Ethiopian Revolution

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The Ethiopian Civil War had begun with a military coup d’état against Emperor Haile Selassie in 1974 and lasted until 1991 when the Ethiopian People's Revolutionary Democratic Front (EPRDF) overthrew the government.This uprising of the people wasn’t unexpected as one would think since another coup attempt had occurred in 1960, which Emperor Haile suppressed by claiming to step up with the reform policies. Those promises failed, and the people started to revolt against the emperor, and after a wave of demonstrations, mutinies, and uprisings they succeeded in overthrowing him. There were many reasons which made the people of Ethiopia want to revolt against their Emperor such as his lack of attempts to modernize the country, address deep social…show more content…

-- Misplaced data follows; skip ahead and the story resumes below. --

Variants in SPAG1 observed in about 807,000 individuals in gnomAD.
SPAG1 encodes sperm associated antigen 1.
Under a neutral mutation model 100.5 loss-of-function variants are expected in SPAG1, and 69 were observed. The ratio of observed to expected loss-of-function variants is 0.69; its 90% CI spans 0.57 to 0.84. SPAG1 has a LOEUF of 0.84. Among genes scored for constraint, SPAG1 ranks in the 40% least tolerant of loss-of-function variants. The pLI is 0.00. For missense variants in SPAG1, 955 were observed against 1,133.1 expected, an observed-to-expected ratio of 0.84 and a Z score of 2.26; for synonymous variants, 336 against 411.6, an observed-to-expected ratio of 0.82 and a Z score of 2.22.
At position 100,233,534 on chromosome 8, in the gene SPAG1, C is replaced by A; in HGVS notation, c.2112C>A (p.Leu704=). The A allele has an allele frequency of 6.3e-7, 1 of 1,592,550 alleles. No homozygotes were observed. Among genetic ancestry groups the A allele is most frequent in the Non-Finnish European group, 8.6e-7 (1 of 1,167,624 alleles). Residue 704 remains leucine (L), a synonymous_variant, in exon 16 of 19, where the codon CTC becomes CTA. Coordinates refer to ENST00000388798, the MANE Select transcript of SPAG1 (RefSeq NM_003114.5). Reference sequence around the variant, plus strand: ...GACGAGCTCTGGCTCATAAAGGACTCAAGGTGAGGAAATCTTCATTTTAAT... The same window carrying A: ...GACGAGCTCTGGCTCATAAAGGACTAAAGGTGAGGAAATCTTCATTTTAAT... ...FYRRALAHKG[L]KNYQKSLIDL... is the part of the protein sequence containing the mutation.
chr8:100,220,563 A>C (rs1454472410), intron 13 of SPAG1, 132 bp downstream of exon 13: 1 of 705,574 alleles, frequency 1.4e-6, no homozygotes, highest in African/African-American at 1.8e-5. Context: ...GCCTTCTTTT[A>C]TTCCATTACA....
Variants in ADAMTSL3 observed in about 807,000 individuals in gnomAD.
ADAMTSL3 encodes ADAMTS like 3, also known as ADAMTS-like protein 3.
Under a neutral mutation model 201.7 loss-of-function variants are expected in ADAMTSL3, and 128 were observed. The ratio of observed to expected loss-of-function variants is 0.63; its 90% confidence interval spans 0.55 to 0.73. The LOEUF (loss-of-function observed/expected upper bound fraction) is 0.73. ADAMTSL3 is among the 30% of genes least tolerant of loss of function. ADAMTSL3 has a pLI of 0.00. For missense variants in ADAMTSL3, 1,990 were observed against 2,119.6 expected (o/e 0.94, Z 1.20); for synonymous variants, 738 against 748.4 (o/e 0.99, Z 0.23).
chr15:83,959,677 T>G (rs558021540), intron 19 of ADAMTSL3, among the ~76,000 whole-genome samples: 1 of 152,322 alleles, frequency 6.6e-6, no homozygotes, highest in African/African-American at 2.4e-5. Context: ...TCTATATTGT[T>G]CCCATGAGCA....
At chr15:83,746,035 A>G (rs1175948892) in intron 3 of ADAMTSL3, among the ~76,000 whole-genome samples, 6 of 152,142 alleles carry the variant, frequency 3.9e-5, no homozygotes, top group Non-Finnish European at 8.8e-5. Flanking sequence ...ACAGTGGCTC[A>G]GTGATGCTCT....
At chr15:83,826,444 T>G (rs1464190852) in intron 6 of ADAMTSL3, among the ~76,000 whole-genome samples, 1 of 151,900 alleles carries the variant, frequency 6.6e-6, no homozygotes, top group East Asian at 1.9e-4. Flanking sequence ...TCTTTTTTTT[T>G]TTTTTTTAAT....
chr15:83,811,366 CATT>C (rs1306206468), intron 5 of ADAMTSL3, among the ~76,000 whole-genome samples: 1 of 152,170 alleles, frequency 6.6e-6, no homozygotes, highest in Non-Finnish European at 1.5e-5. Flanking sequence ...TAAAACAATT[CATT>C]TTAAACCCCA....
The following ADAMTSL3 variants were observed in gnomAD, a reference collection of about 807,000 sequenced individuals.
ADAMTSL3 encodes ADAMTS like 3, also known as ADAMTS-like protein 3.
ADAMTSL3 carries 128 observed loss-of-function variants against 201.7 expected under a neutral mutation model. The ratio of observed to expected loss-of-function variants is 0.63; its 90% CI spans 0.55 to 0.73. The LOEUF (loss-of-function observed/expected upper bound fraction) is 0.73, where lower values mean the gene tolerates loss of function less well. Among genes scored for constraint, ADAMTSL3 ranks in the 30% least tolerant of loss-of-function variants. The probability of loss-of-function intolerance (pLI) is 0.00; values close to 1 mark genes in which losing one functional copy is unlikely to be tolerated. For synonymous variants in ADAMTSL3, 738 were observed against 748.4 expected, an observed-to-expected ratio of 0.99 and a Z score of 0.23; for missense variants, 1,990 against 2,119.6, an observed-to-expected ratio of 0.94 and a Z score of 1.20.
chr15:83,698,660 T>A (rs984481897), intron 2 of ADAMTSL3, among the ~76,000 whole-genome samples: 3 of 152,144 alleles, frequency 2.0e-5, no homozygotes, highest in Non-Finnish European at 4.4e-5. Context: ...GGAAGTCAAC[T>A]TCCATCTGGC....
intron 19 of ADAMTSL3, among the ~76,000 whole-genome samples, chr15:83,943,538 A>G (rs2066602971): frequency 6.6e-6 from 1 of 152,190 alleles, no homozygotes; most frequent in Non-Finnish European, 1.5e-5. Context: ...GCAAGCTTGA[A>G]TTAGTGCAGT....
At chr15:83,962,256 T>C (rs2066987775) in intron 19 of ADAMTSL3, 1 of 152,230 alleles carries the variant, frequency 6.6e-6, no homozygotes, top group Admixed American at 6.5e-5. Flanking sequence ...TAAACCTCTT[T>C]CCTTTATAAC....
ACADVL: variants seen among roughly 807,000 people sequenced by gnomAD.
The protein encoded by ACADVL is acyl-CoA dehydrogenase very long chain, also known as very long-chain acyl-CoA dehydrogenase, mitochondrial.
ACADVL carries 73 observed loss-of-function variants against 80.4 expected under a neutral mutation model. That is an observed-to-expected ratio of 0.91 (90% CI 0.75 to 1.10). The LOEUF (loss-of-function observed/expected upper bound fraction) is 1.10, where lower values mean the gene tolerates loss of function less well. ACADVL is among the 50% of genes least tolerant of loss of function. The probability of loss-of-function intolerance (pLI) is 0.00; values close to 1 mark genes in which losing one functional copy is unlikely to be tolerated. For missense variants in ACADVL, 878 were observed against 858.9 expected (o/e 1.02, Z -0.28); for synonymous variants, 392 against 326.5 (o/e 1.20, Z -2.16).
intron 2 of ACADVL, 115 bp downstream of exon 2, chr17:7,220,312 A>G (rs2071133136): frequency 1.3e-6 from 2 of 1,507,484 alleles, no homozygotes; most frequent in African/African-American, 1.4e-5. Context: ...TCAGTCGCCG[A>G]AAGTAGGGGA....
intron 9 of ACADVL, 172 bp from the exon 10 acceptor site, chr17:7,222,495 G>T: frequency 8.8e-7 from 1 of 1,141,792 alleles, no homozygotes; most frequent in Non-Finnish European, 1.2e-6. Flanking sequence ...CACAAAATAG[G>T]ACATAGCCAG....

Soldiers protested about the poor food and water conditions, and therefore rebelled and took their commanding officer hostage requesting the redress of the Emperor. In this period of unrest and chaos, the Provisional Military Administrative Council (Derg) was established as a false ally towards the emperor. After becoming a high figure, they immediately began to arrest members of the aristocracy, military, and government who were closely associated with the emperor and the old order. By late August, the emperor had been directly accused of covering up the Welo and Tigray famine of the early 1970s that allegedly had killed 200,000 people which caused him to be imprisoned on September 12. The Derg’s concepts embodies slogans such as “self-reliance”, and “the supremacy of the common good” in order to make peace with the citizens and show that the Derg was fighting for them. Their actions started to become radical as by mid-November of 1974 the Derg had confronted a citizen named Aman, who opposed the Derg, and killed him when he resisted arrest. The same evening the event known as Bloody/Black Saturday occurred in which fifty-nine political prisoners were executed. Among them were prominent civilians such as Aklilu and Endalkatchew, military officers such as Colonel Alem Zewd and General Abiye Abebe (the emperor's son-in-law and defense minister), and two Derg members who had supported Aman. They had also been in charge of the "Red Terror" in 1977 where thousands of students, teachers, workers and ordinary Ethiopians, who were suspected of supporting opposition groups, were imprisoned without charge, tortured and executed. The gruesome behavior doesn’t stop there as these executions happened randomly across the country and bodies were left for up to three days on the streets, in front of public building, schools, universities in order to

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